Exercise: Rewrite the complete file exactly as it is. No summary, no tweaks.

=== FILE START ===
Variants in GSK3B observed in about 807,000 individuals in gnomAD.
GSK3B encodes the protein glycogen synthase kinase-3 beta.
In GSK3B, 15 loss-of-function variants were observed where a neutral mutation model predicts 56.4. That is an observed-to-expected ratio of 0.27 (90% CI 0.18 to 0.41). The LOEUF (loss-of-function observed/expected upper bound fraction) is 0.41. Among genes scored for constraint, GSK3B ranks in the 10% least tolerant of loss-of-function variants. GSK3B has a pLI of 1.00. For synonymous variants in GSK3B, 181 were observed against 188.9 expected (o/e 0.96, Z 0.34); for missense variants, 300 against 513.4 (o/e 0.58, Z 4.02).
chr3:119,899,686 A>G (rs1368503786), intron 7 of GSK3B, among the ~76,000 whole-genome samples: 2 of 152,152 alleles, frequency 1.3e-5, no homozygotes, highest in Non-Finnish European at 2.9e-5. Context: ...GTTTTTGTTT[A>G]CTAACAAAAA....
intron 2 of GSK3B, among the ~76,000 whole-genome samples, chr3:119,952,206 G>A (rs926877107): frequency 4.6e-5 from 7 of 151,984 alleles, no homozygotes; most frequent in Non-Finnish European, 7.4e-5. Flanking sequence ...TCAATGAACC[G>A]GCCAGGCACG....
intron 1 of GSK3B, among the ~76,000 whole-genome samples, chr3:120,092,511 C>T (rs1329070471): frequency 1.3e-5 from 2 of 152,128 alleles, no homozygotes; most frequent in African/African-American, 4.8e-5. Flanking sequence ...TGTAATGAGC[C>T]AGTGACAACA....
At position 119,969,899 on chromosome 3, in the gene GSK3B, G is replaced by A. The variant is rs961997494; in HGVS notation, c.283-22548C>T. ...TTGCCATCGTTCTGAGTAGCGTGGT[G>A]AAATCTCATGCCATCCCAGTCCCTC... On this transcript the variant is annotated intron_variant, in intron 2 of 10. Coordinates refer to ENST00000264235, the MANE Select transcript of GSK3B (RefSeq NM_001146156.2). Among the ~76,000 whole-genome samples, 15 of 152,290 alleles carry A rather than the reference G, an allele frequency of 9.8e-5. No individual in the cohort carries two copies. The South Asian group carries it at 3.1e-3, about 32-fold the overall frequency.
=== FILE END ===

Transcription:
Variants in GSK3B observed in about 807,000 individuals in gnomAD.
GSK3B encodes the protein glycogen synthase kinase-3 beta.
In GSK3B, 15 loss-of-function variants were observed where a neutral mutation model predicts 56.4. That is an observed-to-expected ratio of 0.27 (90% CI 0.18 to 0.41). The LOEUF (loss-of-function observed/expected upper bound fraction) is 0.41. Among genes scored for constraint, GSK3B ranks in the 10% least tolerant of loss-of-function variants. GSK3B has a pLI of 1.00. For synonymous variants in GSK3B, 181 were observed against 188.9 expected (o/e 0.96, Z 0.34); for missense variants, 300 against 513.4 (o/e 0.58, Z 4.02).
chr3:119,899,686 A>G (rs1368503786), intron 7 of GSK3B, among the ~76,000 whole-genome samples: 2 of 152,152 alleles, frequency 1.3e-5, no homozygotes, highest in Non-Finnish European at 2.9e-5. Context: ...GTTTTTGTTT[A>G]CTAACAAAAA....
intron 2 of GSK3B, among the ~76,000 whole-genome samples, chr3:119,952,206 G>A (rs926877107): frequency 4.6e-5 from 7 of 151,984 alleles, no homozygotes; most frequent in Non-Finnish European, 7.4e-5. Flanking sequence ...TCAATGAACC[G>A]GCCAGGCACG....
intron 1 of GSK3B, among the ~76,000 whole-genome samples, chr3:120,092,511 C>T (rs1329070471): frequency 1.3e-5 from 2 of 152,128 alleles, no homozygotes; most frequent in African/African-American, 4.8e-5. Flanking sequence ...TGTAATGAGC[C>T]AGTGACAACA....
At position 119,969,899 on chromosome 3, in the gene GSK3B, G is replaced by A. The variant is rs961997494; in HGVS notation, c.283-22548C>T. ...TTGCCATCGTTCTGAGTAGCGTGGT[G>A]AAATCTCATGCCATCCCAGTCCCTC... On this transcript the variant is annotated intron_variant, in intron 2 of 10. Coordinates refer to ENST00000264235, the MANE Select transcript of GSK3B (RefSeq NM_001146156.2). Among the ~76,000 whole-genome samples, 15 of 152,290 alleles carry A rather than the reference G, an allele frequency of 9.8e-5. No individual in the cohort carries two copies. The South Asian group carries it at 3.1e-3, about 32-fold the overall frequency.